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There are few worse things than being accused of a crime you did not commit. It really does not matter if you arrested for Aggravated Harassment, Assault, Criminal Possession of Stolen Property or any other offense. Arguably it is worse to spend a night in Central Booking than it is to be given a Desk Appearance Ticket in New York, but at the end of the day if you are arrested and prosecuted for something you did not do, then no matter the circumstances it is miserable experience. The above scenario recently played out for a client of Crotty Saland PC arrested for possessing cocaine in Manhattan. After the police arrested our client and prosecutors charged him with PL 220.03, Seventh Degree Criminal Possession of a Controlled Substance, our client had the “good fortune” of being given a DAT. From there, things went from bad to worse before the New York criminal lawyers at Crotty Saland PC secured an an outright dismissal for our client.

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I don’t think anyone would disagree. There are consequences for breaking the law. Just don’t do it. That said, all of us make mistakes. Good people commit crimes. No, not the most vicious and amoral offenses, but some of the lesser crimes that can still be life altering to the accused. This could not be more true than in situations where a foreign national attending college or a university to complete his or her studies at an American school is arrested in New York for what otherwise is a fairly small offense. In such situations, a $100 shoplift arrest in Queens, a Desk Appearance Ticket for possessing marijuana in Manhattan or even a dispute with a cab driver that ends in an arrest for Theft of Services in Brooklyn can all have major implications for an immigrant and foreign national in the United States. In fact, it is possible, and clients have come to the New York criminal lawyers at Crotty Saland PC dealing with this exact issue, that as a result of the mere arrest, their F1 or H1B visa is revoked. One such Crotty Saland PC client found himself in this predicament only days ago. Fortunately, the New York criminal defense attorneys at Crotty Saland PC rectified the situation in a timely manner to allow this client to secure the proper visa and legal status and return to the United States to continues his education.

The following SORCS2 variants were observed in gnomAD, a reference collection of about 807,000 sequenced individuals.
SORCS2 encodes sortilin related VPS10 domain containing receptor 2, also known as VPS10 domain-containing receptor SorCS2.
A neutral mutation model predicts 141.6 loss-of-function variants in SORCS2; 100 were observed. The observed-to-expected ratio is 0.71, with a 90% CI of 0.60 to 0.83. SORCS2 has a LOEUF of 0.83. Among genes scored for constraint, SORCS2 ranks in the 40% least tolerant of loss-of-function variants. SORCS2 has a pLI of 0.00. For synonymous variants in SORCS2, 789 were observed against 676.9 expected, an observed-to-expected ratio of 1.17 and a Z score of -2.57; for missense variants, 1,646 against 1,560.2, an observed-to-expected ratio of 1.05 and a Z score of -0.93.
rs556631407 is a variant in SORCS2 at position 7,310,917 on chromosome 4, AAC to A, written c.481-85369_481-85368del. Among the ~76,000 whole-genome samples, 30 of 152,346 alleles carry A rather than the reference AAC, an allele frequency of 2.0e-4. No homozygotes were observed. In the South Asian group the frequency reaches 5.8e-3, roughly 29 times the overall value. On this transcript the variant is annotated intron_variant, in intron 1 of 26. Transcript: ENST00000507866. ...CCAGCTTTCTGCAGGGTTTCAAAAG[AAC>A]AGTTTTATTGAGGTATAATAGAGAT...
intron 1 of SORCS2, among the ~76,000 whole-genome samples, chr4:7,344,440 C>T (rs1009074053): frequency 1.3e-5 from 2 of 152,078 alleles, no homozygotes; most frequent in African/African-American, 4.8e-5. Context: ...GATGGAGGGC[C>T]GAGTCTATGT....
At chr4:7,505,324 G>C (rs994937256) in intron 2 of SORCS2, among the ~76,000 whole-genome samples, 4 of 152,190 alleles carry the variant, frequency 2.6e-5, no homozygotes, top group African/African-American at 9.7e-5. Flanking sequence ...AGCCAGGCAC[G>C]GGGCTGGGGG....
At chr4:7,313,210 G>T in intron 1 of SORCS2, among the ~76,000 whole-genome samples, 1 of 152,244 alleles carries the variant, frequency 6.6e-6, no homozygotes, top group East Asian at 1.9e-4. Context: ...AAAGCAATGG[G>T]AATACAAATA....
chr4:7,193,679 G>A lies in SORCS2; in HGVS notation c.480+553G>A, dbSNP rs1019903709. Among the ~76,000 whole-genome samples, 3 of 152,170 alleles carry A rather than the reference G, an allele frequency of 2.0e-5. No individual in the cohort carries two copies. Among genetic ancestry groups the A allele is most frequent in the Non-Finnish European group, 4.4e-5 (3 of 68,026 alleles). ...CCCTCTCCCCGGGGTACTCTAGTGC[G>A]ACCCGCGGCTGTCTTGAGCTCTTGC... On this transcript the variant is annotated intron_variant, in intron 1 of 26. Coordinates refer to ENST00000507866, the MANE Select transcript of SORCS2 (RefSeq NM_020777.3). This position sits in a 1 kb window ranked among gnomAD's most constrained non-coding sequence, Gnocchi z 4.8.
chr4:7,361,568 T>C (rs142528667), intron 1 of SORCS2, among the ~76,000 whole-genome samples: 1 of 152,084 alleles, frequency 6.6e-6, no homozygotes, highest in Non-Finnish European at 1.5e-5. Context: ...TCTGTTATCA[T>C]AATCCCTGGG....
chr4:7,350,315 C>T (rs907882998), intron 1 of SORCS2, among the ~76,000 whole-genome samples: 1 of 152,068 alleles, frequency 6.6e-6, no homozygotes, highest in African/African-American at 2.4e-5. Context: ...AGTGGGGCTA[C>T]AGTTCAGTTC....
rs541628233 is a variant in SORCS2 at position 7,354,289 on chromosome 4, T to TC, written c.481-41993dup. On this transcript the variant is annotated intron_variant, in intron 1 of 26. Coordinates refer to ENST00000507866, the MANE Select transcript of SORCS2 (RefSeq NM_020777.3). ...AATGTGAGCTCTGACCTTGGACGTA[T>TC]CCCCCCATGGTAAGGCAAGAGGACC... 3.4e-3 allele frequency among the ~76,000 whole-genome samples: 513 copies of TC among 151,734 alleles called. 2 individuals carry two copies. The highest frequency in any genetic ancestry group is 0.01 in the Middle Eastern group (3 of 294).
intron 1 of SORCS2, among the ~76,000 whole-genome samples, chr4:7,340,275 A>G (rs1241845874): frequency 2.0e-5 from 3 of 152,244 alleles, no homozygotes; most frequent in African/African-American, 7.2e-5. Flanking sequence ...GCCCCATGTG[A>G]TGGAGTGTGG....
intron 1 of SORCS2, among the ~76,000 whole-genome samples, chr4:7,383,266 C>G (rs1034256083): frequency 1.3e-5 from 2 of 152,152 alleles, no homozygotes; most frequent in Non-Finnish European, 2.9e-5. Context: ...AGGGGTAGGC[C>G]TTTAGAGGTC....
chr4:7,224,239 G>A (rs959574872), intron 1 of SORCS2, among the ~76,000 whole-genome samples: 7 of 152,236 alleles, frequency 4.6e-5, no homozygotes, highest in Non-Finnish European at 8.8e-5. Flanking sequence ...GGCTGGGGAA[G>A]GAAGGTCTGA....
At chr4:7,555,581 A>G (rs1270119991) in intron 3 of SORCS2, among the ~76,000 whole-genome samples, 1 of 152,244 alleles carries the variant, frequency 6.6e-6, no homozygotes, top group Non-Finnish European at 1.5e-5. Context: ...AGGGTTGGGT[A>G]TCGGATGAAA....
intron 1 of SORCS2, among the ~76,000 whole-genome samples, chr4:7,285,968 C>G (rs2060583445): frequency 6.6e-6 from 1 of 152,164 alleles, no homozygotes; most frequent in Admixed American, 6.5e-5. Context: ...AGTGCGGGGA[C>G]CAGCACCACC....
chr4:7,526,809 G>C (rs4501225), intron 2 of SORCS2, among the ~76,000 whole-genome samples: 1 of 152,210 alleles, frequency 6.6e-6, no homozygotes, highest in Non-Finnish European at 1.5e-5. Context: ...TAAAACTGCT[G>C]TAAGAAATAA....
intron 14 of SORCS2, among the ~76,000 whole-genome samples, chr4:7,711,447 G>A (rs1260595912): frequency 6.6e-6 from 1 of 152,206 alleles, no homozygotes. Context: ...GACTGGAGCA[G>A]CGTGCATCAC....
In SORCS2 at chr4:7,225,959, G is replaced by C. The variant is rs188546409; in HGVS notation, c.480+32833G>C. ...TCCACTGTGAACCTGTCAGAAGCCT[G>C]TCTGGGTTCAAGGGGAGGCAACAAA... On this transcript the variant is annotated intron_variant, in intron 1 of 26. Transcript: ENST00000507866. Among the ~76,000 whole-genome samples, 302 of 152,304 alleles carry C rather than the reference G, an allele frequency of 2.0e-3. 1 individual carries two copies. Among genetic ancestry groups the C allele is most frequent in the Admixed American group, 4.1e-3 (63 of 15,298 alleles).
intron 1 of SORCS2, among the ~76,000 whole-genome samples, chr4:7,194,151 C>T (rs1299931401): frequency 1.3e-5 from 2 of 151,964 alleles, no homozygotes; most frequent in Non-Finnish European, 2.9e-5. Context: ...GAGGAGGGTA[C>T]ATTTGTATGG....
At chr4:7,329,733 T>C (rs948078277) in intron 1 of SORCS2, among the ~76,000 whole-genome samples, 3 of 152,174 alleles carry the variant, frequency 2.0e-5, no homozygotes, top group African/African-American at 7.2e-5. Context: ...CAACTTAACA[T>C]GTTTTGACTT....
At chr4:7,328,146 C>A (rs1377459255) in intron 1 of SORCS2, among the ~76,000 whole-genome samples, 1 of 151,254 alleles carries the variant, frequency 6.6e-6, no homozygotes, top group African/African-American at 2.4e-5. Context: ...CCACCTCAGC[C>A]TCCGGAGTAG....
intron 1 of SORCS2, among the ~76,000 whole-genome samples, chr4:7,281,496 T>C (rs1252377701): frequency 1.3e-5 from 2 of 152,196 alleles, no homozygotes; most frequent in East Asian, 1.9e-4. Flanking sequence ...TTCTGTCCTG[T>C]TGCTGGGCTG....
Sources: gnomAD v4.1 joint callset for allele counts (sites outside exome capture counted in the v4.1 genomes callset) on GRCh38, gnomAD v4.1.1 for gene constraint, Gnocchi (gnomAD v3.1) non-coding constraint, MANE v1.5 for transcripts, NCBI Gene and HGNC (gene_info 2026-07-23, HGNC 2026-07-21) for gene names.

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While I certainly do not condone violence, if you punch someone two or three times in the face with a clenched fist, bloody up their mouth and cause them to go to the hospital for a stitch or two, an allegation of Third Degree Assault would likely survive a criminal defense attorney’s motion to dismiss the charge of New York Penal Law 120.00(1). No, it doesn’t mean you will not or cannot have defense at trial (self defense for example), but from a legal perspective your conduct satisfies the elements of the crime almost on its face. Again, you may still try, but seeking a dismissal for legal sufficiency will likely be quite difficult. Despite this, not all crimes or criminal conduct is so clear. When a court has to examine words used, the intent of those words and the reasonable implications of your speech, the court has much more to juggle than determining your intent when you balled up your fist. This more difficult type of review happens with a greater degree of regularity in cases involving Second Degree Aggravated Harassment pursuant to New York Penal Law 240.30. A class “A” misdemeanor, Aggravated Harassment in the Second Degree is a crime often seen, but is not exclusive to, New York Domestic Violence cases. Where an arrest or allegation does not involve a familial or intimate relationship, the police will consider issuing the accused a Desk Appearance Ticket. Regardless of how a PL 240.30 case is prosecuted, words, and how they are reflected in a criminal court complaint, matter. This blog entry will address how words and statements that may seem threatening on their face may not in fact violate certain sections of the New York criminal law.